The researcher assures that the study adhered to the basic ethical considerations. The COVID-19 safety protocols were implemented throughout the research process. The data gathering was done after the participants were informed of the purpose of the study and have provided informed consent. It was made clear to the OFW COVID-19 ICU nurses that their participation is voluntary and that they can choose not to complete the interview without any consequence. Further, the participants were informed of their anonymity and that the data provided will be kept confidential. This study was reviewed and approved by Cebu Normal University – Ethics Review Committee with an approval code of 606/2020-11.
Characteristics of Key Informants
Table 1 shows the profile of the informants of the study, including the code name, age, sex, civil status, and length of time they were working in the COVID-19 ICU. It shows that the informants are between 28 and 32 years old, and most are married. The shortest length of time they spent in the COVID-19 ICU is six months, and the longest is 11 months. They are all registered nurses. Some are master’s degree holders.
|Code Name||Age||Sex||Civil Status||Length of time Working in COVID-19 ICU|
A total of 135 significant statements were extracted from the interview transcripts from the eight informants. There were 36 formulated meanings generated from these significant statements, and four themes emerged from this study. The first theme is Challenges During the Pandemic with the following subthemes: (a) Away from Home, (b) Caring for the COVID-19 Patients, and (c) Fear of the Unknown. The second theme is Patient Care during COVID-19 with the following subthemes: (a) COVID-19 ICU Patient Care and (b) The Nursing Profession. Third, Adapting to Change with the subthemes: (a) Living the New Normal, and ( b) Protecting One’s Self from COVID-19. Lastly, Resilience Amidst the Pandemic with the following subthemes, (a) Being with Others and (b) Seeing One self. These themes will be discussed further in the following.
Theme 1. Challenges During the Pandemic
This discusses the problems faced by the key informants assigned in COVID-19 ICUs during the pandemic. According to Sadang (2020), the COVID-19 health crisis caused an unforeseen paradigm shift in nurses’ life in healthcare systems, resulting in stressful and overwhelming challenges in their daily battle against this illness.
Subtheme 1. Away from Home
This is about the challenges faced by the key informants working abroad. It includes the feeling of homesickness, being away from the family, the cultural differences that they have observed, and the cancellation of plans due to the pandemic.
SN01 stated that SS2 “Aside from that, being a nurse overseas means being away from your family and loved ones, so you miss out on special occasions and holidays.” She added that “Uhmm, actually church wedding namin dapat ng husband ko but because of this travel ban, di natuloy.” (Because of this travel ban, my church wedding was postponed).
SN04 also mentioned that SS39 “Di naman nawawala yung pagiging homesick” (Homesickness is always there) and added, “Miss ko na anak ko” (I miss my child).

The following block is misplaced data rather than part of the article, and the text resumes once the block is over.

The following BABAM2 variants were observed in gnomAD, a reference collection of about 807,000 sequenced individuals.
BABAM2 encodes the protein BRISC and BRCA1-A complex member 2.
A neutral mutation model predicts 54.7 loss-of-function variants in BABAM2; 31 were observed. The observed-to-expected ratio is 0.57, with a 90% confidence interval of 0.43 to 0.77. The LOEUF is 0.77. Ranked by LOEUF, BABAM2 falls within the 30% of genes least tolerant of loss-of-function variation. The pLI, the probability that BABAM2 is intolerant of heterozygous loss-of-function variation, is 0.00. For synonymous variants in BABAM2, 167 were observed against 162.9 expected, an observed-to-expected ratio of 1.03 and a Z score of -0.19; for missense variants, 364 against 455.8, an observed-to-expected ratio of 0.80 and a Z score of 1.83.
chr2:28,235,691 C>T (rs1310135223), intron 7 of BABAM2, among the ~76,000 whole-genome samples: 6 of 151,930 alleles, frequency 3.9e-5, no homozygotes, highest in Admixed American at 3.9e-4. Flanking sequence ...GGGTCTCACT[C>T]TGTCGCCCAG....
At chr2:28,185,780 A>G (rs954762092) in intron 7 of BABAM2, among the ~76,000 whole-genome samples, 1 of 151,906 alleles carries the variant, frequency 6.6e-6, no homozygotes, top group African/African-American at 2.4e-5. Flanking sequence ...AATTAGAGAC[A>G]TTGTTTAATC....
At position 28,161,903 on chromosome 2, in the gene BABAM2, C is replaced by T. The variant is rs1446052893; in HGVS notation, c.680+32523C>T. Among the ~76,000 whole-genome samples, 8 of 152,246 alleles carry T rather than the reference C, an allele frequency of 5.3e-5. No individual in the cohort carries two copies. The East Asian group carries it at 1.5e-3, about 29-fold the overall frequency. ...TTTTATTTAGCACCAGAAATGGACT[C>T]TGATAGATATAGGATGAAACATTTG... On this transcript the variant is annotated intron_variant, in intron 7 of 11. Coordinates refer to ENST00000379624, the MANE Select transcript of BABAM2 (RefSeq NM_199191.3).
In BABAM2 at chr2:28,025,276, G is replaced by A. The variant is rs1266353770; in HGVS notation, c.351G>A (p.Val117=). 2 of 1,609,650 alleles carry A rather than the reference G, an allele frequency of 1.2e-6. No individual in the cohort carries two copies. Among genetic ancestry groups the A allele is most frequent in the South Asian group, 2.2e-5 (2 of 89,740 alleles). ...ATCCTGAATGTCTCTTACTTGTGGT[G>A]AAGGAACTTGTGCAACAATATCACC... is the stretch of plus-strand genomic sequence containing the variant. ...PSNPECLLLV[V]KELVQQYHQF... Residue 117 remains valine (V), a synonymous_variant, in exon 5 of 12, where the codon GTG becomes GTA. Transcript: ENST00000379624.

SN07 mentioned that SS95 “Pero di gihapon mawa ang kamingaw uy samot nag close jud kaayo mos imong family.” (But the feeling of missing your family is always there, especially if you have a close relationship with them).
Lastly, SN08 said SS19 “Kanang homesickness ug cultural differences given naman.” (Homesickness and cultural differences are given).
The issue of homesickness has not been addressed by international human resource management for a long time. Despite the recognition in the literature that expatriates go through the critical issue of adjustment (Haslberger et al., 2014) triggers the feelings of disconnection and missing home and has been a not-easy-to-achieve situation (Ward et al., 2001).
Subtheme 2. Caring for the COVID-19 Patients
This discusses the concerns faced by ICU nurses assigned to care for COVID-19 patients. This includes the hassle of wearing personal protective equipment (PPE), feeling of anxiety of possibly getting infected, not meeting the standards of care, and thinking about their families back home worrying about their safety.
According to SN01, SS4 “At first, I was very anxious to handle COVID-19 positive patients because I was worried that I might also contract the disease.” SN03 also stated that “Mas kapoy lang sad ang sa COVID-19 kay mag PPE kag taas na time.” (It’s more tiring in COVID-19 units because you have to wear PPE for a longer period).
SN05 said, SS60 “Naa baya koy newborn sa balay nya simbako matakdan ko ig duty.” (I have a newborn at home, and I’m scared to get infected). She also added that “Kapoy pud kay the usual na daghan na layers na PPE, init kaayo maski aircon pa. Then if naay procedures sa bedside, lisod pud kay di kaayo ka kaklaro tungod sa face shield.” (It’s tiring because of the PPE. It feels really hot wearing them even with the air conditioner. If there are bedside procedures, it is difficult because you can’t see properly because of the face shield).
Lastly, SN07 verbalized that SS100 “Hadlok ko uy sa akong safety.” (I was scared for my safety).